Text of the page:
Attached Files:

    Last edited: Sep 12, 2015
  11. Sep 12, 2015 #10


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    I would recommend splitting the single concept of "length" into two different concepts. There is the traditional notion of length, which turns out in special relativity NOT to be a property solely of the object, but rather to be a property that depends on both the object, and the observer.

    Then there is a different concept of length, called the proper length, which is a property only of the object and independent of the observer.

    To my way of thinking, the "proper length" is the sort of length that is the most qualified to be "real", due to it's observer independence. Different people have diffrent notions of what "real" means, so your mileage may vary.

    Specifying that proper length is observer-independent and that "length" is observer dependent gets to what I consider to be the heart of the issue, without the philosophical baggage of attempting to define what the word "real" 'really' means.
  12. Sep 12, 2015 #11

    They're all real.

    If a rocket ship twice as long as the diameter of the solar sytem flew past Earth at 0.99xxxxc then it really would be contracted because at the time that its front end was over the moon, the back end would be over somewhere very close, like Earth; which would be impossible if it was not really contracted in our frame of reference.

    Of course we would know the proper length was much longer but that would be irrelevant unless it slowed down. We could even prove it is short by briefly fitting a short barn over it etc...
    Last edited: Sep 12, 2015
  13. Sep 12, 2015 #12


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    There is one subtlety here that no one has mentioned yet: The word "see" is used in two different ways in relativity problems, and the answer to your question will be different according to what you mean by that word "see".

    I mentioned above that the length of B's car in any frame is (more or less by definition) the distance between the position of the nose of the car and the position of the tail of the car at the same time. So we can imagine A measuring the length of B's car by the following procedure: shine a laser beam across the road in front of the car; the beam hits a detector on the other side of the road; when the nose of B's car reaches that point on the road the beam will be broken and the detector will see the loss of signal; start a timer at that moment; eventually the tail of B's car will pass and the beam will be able to cross the road again; we stop the timer as soon as that happens and the detector sees the beam again. Thus, the time registered by the timer is the time that the car blocked the laser beam. Divide that time by by the speed of the car according to A, and you'll have the length of the car in the frame in which is A is at rest. This will be the result calculated by the length contraction formula (and if you think about it, you'll see that it is equivalent to measuring the distance between the two ends of the car at the same time). Usually when we talk about what A "sees", we really mean what he measures, using this or some equivalent procedure.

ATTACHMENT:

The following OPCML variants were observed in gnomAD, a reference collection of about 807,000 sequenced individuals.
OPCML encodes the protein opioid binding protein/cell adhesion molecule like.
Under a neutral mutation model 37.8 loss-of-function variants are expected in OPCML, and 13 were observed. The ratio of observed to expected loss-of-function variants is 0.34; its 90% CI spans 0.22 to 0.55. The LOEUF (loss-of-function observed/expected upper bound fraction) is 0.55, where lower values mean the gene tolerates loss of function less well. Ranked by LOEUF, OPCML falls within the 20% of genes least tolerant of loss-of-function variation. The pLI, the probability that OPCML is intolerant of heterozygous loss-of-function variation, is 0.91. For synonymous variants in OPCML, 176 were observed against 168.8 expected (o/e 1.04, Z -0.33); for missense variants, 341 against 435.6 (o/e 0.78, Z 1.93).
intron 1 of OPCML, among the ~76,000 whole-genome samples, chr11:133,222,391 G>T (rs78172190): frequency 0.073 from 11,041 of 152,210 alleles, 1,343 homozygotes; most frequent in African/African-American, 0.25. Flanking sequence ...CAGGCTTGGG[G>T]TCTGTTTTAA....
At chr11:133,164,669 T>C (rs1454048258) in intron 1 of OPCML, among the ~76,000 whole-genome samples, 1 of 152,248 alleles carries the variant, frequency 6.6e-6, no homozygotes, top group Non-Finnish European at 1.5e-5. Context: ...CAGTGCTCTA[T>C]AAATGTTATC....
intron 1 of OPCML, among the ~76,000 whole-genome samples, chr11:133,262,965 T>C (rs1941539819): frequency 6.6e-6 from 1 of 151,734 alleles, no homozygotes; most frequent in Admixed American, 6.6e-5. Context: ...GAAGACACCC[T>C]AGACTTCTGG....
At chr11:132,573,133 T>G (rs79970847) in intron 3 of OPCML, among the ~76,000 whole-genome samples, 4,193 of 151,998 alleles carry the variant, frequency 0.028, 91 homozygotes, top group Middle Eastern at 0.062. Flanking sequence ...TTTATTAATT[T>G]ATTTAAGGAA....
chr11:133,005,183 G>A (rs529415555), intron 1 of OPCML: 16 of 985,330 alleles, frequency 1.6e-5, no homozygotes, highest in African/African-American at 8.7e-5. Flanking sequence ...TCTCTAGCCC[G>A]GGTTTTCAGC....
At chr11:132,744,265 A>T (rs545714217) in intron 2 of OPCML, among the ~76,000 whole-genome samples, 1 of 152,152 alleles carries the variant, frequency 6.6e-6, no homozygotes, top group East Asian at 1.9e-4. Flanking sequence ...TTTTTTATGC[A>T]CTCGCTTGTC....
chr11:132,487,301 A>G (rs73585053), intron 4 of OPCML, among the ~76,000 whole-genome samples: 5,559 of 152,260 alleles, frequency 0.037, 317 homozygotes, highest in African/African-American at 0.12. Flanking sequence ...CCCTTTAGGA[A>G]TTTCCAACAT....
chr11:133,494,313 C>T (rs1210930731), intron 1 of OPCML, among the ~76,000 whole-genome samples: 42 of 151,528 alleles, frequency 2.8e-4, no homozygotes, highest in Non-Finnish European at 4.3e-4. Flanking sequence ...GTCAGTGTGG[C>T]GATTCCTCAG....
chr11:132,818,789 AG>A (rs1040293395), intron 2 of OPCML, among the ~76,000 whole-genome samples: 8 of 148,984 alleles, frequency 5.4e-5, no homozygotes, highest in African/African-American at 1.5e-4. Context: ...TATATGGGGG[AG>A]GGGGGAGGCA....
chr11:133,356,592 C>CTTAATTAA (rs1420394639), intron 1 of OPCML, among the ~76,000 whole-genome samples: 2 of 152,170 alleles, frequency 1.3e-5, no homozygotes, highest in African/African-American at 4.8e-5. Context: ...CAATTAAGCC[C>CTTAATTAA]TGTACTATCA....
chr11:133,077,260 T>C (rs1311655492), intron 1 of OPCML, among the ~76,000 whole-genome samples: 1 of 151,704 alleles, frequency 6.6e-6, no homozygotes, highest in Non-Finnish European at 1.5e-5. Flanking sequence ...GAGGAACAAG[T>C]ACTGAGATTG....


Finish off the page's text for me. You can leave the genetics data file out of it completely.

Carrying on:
But if by "see" you mean literally what A actually sees, the image that is formed on the retina of his eyes or that we'd we get if we were to take a photograph as B's car zoomed by... Then we'll generally get a different result. Suppose we painted a bunch of marks on the road, each one meter apart. You'd think we could measure the length of B's car by seeing which marks the nose and tail line up with as the car passes; we just have to watch carefully as B's car passes, or snap a photograph that we can study at our leisure to see exactly which marks line up. The problem with this is that our eyes and photographic film are recording the light that hits them at the same time - but because the distance between the nose and tail of the car is different, the light from the tail of the car started at a different time than the light from the nose of the car, so we aren't seeing the position of the nose and the tail at the same time, and we aren't getting a true measurement of the length.

    This might be a good time to put in a plug for http://gamelab.mit.edu/games/a-slower-speed-of-light/